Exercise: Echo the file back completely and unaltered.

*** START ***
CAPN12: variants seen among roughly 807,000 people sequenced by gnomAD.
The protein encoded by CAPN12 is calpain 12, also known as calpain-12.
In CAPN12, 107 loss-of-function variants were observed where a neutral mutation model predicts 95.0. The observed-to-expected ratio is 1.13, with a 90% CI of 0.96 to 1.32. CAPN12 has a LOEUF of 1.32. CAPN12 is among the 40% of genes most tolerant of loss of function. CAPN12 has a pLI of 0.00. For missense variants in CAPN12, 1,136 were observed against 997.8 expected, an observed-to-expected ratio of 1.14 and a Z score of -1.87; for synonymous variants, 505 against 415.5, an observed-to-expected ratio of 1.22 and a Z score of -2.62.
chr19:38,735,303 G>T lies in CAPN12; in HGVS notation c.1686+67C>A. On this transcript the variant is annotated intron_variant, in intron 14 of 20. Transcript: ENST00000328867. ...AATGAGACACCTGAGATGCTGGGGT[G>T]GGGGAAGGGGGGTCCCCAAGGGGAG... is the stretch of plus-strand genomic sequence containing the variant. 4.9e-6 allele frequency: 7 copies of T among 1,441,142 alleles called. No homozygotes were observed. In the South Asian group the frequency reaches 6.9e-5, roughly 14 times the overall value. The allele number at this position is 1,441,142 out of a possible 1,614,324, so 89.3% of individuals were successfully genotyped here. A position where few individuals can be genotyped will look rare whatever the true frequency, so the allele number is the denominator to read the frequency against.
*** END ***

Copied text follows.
CAPN12: variants seen among roughly 807,000 people sequenced by gnomAD.
The protein encoded by CAPN12 is calpain 12, also known as calpain-12.
In CAPN12, 107 loss-of-function variants were observed where a neutral mutation model predicts 95.0. The observed-to-expected ratio is 1.13, with a 90% CI of 0.96 to 1.32. CAPN12 has a LOEUF of 1.32. CAPN12 is among the 40% of genes most tolerant of loss of function. CAPN12 has a pLI of 0.00. For missense variants in CAPN12, 1,136 were observed against 997.8 expected, an observed-to-expected ratio of 1.14 and a Z score of -1.87; for synonymous variants, 505 against 415.5, an observed-to-expected ratio of 1.22 and a Z score of -2.62.
chr19:38,735,303 G>T lies in CAPN12; in HGVS notation c.1686+67C>A. On this transcript the variant is annotated intron_variant, in intron 14 of 20. Transcript: ENST00000328867. ...AATGAGACACCTGAGATGCTGGGGT[G>T]GGGGAAGGGGGGTCCCCAAGGGGAG... is the stretch of plus-strand genomic sequence containing the variant. 4.9e-6 allele frequency: 7 copies of T among 1,441,142 alleles called. No homozygotes were observed. In the South Asian group the frequency reaches 6.9e-5, roughly 14 times the overall value. The allele number at this position is 1,441,142 out of a possible 1,614,324, so 89.3% of individuals were successfully genotyped here. A position where few individuals can be genotyped will look rare whatever the true frequency, so the allele number is the denominator to read the frequency against.